TBM 14/52: Discussing Complex Problems with Leaders
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As a systems thinker type, how do you broach complex problems to leaders in your company? Note: I mention "leaders" below, but it is safe to say that most of us have a tendency to respond this way. Especially when we're under pressure.
Most leaders find the idea of a complex systemic issue threatening. There's no clear root-cause. There's uncertainty and unpredictability. And it is all happening on their watch.
So while you might think you're being helpful by presenting the issue (in all its nuance), it will not go over well. The leader will ask you for specifics. Who did what? Who said what? What should I do? They need information to solve the problem (one of dozens of problems they've heard about that day). They want a clear problem to solve, not a complex challenge to ruminate over.
What confuse them further is that you likely aren't just speaking for yourself. Empaths and systems thinkers often channel to needs of the collective. Meanwhile most of the people in their office that day have brought in specific problems and asks. In the back of the leader's mind they are thinking "I'm confused, what does this person actually want, and why do they care about this?" If you avoid specifics to respect people's privacy, and maybe even protect them, you risk the "so people are talking about..." problem. No one wants to hear "so people are talking."
So what should you do instead? As a card-carrying sponge these types of problems, I would never suggest you stop being you. I can go into my particular background in another post, but I've come to see this type of radar as a gift. It might have started from a not-so-happy place, but it is who I am. So be you 100%.
That said, it is important to get very clear on your goal. What do you want out of the conversation? What are YOUR needs in all this? What would be an ideal next step?
At least for me, I often feel a lot more comfortable talking about the needs of other people. Being a spokesperson. Channeling the pain/stress of others. I'm not as comfortable talking about my own needs (even when those needs related to others, e.g. "I want to feel my coworkers are safe and happy").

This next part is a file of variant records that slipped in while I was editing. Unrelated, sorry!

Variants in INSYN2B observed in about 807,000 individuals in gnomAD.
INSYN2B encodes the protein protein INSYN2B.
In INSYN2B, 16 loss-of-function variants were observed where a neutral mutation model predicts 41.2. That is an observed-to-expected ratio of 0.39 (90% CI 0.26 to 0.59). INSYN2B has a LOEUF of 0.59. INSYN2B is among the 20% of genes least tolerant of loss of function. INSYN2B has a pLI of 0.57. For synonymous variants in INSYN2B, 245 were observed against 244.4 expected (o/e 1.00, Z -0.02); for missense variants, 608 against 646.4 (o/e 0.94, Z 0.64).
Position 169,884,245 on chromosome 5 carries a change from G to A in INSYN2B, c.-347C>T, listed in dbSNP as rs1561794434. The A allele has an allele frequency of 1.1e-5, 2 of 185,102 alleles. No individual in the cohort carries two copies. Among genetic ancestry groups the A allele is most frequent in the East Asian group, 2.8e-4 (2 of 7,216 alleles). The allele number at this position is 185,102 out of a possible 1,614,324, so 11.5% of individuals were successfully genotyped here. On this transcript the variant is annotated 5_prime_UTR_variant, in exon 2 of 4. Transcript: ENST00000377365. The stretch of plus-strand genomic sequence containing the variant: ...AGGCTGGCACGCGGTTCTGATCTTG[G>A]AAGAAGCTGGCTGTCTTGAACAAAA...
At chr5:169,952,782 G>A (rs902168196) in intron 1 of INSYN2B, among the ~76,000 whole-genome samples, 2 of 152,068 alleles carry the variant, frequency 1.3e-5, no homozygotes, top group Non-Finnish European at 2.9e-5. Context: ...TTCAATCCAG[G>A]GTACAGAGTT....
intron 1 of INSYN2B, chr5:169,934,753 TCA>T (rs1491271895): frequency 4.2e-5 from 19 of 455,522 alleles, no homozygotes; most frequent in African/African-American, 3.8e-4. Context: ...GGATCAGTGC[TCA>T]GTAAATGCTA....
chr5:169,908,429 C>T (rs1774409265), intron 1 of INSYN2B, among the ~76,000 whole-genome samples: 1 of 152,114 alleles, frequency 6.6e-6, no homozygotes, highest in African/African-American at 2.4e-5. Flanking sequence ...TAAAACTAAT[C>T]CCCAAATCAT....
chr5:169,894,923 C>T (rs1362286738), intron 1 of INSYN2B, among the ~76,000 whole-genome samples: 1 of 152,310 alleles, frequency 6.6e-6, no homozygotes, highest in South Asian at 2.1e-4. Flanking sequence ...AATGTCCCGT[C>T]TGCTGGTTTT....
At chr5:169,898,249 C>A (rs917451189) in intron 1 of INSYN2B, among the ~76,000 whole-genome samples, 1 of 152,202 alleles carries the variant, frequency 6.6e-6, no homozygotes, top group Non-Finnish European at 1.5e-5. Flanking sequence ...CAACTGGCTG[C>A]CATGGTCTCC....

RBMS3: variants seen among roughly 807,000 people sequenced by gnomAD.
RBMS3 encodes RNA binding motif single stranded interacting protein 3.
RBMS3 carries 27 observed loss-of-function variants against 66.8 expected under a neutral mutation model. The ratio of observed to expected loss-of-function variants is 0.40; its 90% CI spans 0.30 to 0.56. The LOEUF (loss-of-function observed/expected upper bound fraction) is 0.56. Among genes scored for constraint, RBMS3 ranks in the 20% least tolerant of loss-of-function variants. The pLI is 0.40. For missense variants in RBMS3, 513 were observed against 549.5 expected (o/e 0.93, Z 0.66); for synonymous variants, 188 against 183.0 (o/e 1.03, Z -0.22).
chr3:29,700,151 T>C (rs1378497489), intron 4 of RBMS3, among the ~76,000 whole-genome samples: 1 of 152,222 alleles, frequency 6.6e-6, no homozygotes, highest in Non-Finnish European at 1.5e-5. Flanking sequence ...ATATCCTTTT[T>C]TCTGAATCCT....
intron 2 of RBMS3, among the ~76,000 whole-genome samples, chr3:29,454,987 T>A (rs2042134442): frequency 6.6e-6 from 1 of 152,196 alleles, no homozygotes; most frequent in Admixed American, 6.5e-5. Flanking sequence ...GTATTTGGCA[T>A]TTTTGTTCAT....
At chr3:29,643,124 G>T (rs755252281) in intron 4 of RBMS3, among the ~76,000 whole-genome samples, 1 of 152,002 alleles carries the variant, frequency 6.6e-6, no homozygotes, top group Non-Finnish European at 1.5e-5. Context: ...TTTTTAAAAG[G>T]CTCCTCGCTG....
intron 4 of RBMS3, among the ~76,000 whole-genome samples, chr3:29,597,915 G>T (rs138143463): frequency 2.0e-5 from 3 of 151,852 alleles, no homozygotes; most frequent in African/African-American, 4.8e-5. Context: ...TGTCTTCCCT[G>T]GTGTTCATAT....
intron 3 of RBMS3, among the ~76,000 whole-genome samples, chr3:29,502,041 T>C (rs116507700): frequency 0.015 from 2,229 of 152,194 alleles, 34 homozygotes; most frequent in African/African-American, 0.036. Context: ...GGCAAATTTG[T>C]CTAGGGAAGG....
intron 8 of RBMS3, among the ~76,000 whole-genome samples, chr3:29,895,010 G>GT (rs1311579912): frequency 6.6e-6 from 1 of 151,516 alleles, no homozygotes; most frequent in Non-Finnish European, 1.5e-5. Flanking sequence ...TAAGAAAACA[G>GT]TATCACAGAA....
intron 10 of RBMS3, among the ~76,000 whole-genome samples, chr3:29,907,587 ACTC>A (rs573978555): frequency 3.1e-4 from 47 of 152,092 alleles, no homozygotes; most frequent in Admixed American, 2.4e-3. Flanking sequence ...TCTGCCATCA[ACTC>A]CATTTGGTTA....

The problem with speaking for people, is that you will be much more likely to elicit a threat response. And you're liable to misrepresent their perspective, or even undermine their efforts.
I've found (recently, it took a long time) that I can be a lot more effective if I:
Speak about my own needs, and my response to the situation. This can be a big step.
Have an ask in mind. This doesn't mean having a "solution". A next step will suffice.
Have an ask ready for the person I am speaking to. What do I want THEM to do?
Consider the role I want to play in this. What responsibilities do I want to take on?
Work to create safe spaces where other people can try to voice their own needs (vs. proxying).
If the problem is thorny and complex, with lots of moving parts, try to focus in on one moving part as a starting point.
Consider safe-to-fail experiments beforehand. Your first experiment could be facilitating a conversation with more people and the leader.
Put myself in the shoes of the leader (e.g. this being the tenth conversation about problems so far today).
Hope this helps.
Thanks John, I really needed to read this today. I feel this article (and others like the canary in the coalmine one) hit my soul. You appear quite comfortable in your empath / systems thinker role, but also allude that it has been a rocky road getting there. I would be very curious to hear / read your thoughts someday on what helped you get there, cause I could definitely use some guidance there. Thanks again for the great reads.
Often what you are (implicitly) asking for is permission to continue to work on the issue. That could work like: It's important (do you agree?) / I see some approaches to test (not open loop) / are you ok with me doing this instead of something specific (give them a leader decision- not about the problem, but about their resources)